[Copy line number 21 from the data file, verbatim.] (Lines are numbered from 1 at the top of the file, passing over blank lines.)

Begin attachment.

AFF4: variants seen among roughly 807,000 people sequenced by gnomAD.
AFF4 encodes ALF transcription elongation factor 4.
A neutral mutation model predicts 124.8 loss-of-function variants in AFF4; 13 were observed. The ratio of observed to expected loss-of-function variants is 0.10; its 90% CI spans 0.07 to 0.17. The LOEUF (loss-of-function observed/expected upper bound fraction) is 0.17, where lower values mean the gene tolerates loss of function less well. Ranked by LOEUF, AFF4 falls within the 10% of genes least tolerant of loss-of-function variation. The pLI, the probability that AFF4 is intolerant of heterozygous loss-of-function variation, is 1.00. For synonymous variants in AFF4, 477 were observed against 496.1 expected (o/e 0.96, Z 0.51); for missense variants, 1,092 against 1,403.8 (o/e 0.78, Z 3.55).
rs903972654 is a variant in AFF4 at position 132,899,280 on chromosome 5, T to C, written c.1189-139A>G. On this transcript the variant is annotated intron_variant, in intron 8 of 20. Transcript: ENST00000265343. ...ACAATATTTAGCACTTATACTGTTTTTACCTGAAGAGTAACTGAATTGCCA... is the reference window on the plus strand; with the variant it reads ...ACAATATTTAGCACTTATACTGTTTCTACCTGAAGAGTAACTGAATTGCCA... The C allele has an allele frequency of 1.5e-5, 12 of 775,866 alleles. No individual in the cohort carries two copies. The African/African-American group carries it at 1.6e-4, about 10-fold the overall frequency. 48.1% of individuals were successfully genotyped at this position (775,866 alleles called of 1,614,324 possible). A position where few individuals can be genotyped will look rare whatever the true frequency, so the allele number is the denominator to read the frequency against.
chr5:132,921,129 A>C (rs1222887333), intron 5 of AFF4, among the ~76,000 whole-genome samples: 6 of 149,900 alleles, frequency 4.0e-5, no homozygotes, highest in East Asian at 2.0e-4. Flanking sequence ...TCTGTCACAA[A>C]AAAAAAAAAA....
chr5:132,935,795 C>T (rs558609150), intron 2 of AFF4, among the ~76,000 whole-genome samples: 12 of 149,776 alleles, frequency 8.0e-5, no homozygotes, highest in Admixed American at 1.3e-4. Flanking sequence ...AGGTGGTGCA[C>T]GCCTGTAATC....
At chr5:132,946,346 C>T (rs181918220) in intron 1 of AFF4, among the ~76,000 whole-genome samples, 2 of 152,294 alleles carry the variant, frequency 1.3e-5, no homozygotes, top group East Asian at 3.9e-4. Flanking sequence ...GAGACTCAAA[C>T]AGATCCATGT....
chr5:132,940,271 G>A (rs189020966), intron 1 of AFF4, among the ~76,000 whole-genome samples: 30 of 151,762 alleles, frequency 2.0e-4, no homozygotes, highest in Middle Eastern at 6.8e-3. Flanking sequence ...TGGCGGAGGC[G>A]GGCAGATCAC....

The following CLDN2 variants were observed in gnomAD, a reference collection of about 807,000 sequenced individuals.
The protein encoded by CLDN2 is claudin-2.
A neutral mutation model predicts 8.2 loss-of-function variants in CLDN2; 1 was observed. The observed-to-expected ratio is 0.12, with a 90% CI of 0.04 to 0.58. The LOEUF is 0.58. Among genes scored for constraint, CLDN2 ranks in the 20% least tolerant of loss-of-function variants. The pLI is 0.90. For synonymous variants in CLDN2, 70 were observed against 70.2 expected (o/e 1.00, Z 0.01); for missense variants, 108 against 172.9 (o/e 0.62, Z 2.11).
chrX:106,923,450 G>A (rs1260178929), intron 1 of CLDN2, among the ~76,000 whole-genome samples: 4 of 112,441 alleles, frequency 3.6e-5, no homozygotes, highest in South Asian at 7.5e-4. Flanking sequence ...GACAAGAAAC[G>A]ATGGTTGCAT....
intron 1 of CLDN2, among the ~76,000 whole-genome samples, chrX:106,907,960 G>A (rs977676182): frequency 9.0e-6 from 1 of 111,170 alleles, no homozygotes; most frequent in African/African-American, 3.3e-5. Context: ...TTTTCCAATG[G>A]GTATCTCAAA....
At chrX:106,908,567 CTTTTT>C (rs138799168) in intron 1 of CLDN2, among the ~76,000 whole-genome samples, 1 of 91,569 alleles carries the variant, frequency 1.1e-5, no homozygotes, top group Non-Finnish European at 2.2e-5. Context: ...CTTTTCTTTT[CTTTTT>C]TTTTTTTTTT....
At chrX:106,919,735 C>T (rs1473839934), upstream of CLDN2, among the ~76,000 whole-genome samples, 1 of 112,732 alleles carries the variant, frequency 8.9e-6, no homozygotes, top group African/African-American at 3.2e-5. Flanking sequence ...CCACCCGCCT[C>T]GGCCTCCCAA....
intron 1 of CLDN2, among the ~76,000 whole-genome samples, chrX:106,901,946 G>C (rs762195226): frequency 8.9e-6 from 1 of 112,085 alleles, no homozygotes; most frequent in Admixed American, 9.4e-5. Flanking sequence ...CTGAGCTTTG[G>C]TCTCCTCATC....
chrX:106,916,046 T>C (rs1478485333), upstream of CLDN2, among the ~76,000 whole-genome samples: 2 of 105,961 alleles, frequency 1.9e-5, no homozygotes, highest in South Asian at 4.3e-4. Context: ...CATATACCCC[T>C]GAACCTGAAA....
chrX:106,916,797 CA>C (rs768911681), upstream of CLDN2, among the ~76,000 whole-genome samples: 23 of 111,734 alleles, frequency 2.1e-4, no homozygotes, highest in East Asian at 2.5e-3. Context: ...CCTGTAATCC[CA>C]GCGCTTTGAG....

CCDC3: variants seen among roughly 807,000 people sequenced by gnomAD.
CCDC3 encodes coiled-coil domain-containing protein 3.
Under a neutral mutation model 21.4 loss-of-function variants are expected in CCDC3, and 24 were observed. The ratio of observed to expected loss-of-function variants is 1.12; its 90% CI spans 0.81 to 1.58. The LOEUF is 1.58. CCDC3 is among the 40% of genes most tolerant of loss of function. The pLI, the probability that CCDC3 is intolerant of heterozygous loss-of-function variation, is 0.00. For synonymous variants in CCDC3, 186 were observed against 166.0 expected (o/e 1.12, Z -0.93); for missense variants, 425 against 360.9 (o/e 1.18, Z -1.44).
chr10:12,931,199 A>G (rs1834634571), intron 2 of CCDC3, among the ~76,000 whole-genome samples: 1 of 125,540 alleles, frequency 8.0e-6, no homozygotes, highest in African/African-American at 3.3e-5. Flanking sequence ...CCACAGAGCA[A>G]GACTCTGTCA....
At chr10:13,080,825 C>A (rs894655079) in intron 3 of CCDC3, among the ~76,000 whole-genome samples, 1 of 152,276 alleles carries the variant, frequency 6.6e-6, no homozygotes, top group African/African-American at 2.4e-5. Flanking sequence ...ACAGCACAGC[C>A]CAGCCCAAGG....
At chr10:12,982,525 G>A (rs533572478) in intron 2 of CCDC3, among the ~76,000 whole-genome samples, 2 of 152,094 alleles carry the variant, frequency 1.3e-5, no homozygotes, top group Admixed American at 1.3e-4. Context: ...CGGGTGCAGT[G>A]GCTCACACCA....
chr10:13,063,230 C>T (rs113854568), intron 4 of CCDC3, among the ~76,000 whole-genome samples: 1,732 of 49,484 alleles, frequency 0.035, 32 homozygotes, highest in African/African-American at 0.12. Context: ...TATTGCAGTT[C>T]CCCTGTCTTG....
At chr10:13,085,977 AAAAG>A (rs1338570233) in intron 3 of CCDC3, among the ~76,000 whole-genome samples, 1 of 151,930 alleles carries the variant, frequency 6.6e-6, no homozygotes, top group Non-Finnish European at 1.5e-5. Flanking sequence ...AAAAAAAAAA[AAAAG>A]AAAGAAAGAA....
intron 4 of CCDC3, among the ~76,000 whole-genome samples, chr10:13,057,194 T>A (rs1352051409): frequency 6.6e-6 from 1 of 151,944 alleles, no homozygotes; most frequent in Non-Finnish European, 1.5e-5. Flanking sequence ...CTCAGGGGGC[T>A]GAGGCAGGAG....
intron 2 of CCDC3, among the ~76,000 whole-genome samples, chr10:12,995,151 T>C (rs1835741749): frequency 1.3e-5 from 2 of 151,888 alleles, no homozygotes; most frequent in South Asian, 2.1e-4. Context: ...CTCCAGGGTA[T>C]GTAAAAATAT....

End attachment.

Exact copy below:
Under a neutral mutation model 21.4 loss-of-function variants are expected in CCDC3, and 24 were observed. The ratio of observed to expected loss-of-function variants is 1.12; its 90% CI spans 0.81 to 1.58. The LOEUF is 1.58. CCDC3 is among the 40% of genes most tolerant of loss of function. The pLI, the probability that CCDC3 is intolerant of heterozygous loss-of-function variation, is 0.00. For synonymous variants in CCDC3, 186 were observed against 166.0 expected (o/e 1.12, Z -0.93); for missense variants, 425 against 360.9 (o/e 1.18, Z -1.44).